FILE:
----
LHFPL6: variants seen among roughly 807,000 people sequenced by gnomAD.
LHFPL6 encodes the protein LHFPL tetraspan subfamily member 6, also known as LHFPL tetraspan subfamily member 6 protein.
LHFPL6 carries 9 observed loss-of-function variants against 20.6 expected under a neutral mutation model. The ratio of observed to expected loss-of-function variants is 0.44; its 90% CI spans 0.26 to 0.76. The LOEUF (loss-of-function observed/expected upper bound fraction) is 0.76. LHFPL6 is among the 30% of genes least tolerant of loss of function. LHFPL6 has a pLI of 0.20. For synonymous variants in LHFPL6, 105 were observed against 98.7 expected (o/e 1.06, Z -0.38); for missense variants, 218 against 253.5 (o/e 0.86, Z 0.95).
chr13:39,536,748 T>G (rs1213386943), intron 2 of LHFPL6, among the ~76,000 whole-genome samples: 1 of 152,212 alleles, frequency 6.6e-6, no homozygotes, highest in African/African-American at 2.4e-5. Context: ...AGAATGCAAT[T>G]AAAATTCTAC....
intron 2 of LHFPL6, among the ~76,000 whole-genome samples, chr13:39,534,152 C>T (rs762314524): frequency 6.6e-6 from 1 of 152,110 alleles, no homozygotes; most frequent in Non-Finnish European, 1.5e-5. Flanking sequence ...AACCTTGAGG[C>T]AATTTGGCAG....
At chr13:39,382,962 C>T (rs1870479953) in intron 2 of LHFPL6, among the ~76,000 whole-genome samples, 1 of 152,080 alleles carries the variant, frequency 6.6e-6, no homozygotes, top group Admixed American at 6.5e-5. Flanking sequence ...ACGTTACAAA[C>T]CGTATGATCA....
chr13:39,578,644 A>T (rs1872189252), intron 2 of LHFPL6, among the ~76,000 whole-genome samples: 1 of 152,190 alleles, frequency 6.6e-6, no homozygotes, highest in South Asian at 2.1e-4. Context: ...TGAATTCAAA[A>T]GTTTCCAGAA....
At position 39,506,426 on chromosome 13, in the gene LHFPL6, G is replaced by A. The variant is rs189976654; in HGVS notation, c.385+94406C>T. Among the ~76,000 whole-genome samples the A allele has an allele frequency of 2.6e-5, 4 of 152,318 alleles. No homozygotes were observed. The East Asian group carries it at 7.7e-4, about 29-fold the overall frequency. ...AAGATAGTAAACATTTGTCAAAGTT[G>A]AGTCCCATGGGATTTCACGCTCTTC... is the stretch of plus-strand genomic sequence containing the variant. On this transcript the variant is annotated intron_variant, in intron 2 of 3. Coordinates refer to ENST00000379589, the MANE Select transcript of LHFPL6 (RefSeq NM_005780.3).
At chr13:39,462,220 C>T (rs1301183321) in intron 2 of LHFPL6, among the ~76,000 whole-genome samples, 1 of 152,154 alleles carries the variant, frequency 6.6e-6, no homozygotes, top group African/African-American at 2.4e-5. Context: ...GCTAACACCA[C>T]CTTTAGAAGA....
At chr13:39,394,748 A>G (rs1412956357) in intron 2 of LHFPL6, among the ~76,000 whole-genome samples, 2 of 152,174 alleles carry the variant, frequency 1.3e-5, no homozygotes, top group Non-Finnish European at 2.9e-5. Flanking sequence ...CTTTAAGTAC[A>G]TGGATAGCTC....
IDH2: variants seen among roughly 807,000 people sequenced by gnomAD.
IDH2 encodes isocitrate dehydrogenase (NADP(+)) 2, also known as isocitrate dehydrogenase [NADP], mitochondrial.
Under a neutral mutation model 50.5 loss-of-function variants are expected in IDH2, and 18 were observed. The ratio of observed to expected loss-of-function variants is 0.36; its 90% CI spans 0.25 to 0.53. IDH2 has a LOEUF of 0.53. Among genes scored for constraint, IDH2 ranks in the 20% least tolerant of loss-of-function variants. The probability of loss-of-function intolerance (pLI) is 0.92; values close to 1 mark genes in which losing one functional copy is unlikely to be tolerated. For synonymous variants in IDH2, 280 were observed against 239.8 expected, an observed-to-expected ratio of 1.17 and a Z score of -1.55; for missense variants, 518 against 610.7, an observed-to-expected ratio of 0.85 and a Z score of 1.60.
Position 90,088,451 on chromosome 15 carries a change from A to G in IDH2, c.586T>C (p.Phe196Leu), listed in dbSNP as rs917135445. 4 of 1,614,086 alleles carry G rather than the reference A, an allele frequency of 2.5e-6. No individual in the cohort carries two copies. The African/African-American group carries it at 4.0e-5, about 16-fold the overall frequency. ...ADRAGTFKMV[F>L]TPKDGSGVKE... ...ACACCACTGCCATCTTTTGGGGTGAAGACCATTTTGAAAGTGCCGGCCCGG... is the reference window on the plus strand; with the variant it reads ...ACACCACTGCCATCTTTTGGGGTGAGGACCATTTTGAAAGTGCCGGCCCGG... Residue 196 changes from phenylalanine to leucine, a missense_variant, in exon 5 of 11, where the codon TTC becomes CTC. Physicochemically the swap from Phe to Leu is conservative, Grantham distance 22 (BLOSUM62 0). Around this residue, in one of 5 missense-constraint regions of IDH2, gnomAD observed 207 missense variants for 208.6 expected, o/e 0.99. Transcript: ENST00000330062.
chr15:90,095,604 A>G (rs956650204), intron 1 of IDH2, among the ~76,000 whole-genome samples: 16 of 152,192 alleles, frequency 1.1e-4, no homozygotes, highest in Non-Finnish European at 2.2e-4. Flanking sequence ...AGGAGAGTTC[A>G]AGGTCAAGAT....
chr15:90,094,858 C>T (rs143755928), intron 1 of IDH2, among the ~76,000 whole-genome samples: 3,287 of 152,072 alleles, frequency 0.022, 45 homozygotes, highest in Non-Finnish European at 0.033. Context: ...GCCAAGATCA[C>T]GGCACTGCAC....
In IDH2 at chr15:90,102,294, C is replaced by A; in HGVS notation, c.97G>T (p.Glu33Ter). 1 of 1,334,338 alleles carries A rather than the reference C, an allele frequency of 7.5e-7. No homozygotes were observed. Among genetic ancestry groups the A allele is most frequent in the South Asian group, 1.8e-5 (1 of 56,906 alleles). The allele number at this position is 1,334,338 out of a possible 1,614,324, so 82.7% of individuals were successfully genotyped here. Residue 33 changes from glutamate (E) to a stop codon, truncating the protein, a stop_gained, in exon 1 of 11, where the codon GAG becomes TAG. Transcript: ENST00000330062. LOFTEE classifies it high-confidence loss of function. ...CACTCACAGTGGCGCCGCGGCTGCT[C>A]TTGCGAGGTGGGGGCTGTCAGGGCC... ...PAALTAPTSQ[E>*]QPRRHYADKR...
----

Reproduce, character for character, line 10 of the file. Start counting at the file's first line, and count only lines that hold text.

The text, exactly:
At chr13:39,394,748 A>G (rs1412956357) in intron 2 of LHFPL6, among the ~76,000 whole-genome samples, 2 of 152,174 alleles carry the variant, frequency 1.3e-5, no homozygotes, top group Non-Finnish European at 2.9e-5. Flanking sequence ...CTTTAAGTAC[A>G]TGGATAGCTC....